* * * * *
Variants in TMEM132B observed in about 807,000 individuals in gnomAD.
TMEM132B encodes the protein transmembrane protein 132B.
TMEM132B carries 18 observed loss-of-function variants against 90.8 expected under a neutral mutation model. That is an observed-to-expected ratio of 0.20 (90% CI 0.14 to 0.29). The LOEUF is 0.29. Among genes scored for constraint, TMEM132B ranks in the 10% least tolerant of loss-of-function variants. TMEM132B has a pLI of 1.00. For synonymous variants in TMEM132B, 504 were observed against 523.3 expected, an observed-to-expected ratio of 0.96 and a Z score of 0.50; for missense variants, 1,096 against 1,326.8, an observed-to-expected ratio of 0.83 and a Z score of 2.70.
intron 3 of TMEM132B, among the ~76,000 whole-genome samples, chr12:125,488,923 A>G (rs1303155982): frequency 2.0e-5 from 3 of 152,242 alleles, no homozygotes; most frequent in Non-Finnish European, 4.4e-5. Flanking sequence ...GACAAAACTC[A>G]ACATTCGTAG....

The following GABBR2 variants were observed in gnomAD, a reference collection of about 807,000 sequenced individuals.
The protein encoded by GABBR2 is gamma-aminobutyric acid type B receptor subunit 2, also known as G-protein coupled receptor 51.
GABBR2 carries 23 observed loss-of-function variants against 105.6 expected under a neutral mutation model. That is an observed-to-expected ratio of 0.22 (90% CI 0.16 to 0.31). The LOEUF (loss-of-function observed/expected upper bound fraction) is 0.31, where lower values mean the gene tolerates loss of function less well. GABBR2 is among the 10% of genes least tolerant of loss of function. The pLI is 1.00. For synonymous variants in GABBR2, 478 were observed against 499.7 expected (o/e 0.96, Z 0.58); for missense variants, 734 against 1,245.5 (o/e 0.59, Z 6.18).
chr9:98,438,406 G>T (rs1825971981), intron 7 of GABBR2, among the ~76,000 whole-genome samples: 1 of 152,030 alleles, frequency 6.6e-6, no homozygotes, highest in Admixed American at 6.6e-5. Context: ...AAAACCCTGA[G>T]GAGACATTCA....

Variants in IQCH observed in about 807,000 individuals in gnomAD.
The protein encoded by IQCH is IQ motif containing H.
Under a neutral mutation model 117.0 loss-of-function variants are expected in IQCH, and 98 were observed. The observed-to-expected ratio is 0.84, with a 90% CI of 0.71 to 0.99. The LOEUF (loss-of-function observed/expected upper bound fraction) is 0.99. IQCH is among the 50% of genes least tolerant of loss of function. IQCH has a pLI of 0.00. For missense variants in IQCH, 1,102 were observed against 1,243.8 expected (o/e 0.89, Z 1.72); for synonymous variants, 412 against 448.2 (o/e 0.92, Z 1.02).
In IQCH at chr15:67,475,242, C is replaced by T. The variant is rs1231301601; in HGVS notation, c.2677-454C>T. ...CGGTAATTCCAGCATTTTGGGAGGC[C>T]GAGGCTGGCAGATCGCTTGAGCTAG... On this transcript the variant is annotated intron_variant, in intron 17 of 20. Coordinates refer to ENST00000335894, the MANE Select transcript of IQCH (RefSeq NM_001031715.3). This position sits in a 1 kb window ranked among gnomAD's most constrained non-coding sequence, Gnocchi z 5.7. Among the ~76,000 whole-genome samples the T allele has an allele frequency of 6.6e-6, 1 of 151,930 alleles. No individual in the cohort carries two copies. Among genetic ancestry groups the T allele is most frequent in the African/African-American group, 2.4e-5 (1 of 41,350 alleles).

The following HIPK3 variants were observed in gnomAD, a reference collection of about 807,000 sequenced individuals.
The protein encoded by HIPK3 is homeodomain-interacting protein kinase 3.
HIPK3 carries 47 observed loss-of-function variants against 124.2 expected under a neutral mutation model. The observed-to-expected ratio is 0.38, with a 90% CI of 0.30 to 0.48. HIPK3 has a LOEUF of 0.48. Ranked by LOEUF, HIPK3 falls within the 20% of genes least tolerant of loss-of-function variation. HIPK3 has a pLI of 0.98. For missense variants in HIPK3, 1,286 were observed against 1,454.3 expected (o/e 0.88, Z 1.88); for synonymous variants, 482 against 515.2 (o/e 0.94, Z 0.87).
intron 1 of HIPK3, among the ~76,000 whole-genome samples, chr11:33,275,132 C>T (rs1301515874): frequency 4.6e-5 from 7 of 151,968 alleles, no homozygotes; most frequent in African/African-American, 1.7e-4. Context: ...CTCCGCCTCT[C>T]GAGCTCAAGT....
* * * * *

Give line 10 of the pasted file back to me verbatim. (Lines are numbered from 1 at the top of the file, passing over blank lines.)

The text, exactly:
The protein encoded by IQCH is IQ motif containing H.